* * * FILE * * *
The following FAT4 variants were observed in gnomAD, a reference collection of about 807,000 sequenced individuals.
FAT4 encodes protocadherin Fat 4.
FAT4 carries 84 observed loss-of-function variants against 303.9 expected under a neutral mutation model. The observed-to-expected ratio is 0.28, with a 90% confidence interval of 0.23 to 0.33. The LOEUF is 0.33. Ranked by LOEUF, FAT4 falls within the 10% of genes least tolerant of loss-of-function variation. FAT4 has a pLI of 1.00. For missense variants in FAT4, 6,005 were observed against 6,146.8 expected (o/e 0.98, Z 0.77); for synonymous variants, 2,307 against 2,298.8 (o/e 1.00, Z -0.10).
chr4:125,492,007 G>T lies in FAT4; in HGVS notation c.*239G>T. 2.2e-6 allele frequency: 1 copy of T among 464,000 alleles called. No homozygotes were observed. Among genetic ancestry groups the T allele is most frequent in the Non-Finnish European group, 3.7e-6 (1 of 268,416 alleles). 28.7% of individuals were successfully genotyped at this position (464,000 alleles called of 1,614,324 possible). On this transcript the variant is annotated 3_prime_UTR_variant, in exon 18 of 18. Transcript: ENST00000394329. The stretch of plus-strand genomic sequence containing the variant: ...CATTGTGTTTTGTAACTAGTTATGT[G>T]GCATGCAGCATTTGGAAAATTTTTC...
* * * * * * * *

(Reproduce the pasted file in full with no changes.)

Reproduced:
The following FAT4 variants were observed in gnomAD, a reference collection of about 807,000 sequenced individuals.
FAT4 encodes protocadherin Fat 4.
FAT4 carries 84 observed loss-of-function variants against 303.9 expected under a neutral mutation model. The observed-to-expected ratio is 0.28, with a 90% confidence interval of 0.23 to 0.33. The LOEUF is 0.33. Ranked by LOEUF, FAT4 falls within the 10% of genes least tolerant of loss-of-function variation. FAT4 has a pLI of 1.00. For missense variants in FAT4, 6,005 were observed against 6,146.8 expected (o/e 0.98, Z 0.77); for synonymous variants, 2,307 against 2,298.8 (o/e 1.00, Z -0.10).
chr4:125,492,007 G>T lies in FAT4; in HGVS notation c.*239G>T. 2.2e-6 allele frequency: 1 copy of T among 464,000 alleles called. No homozygotes were observed. Among genetic ancestry groups the T allele is most frequent in the Non-Finnish European group, 3.7e-6 (1 of 268,416 alleles). 28.7% of individuals were successfully genotyped at this position (464,000 alleles called of 1,614,324 possible). On this transcript the variant is annotated 3_prime_UTR_variant, in exon 18 of 18. Transcript: ENST00000394329. The stretch of plus-strand genomic sequence containing the variant: ...CATTGTGTTTTGTAACTAGTTATGT[G>T]GCATGCAGCATTTGGAAAATTTTTC...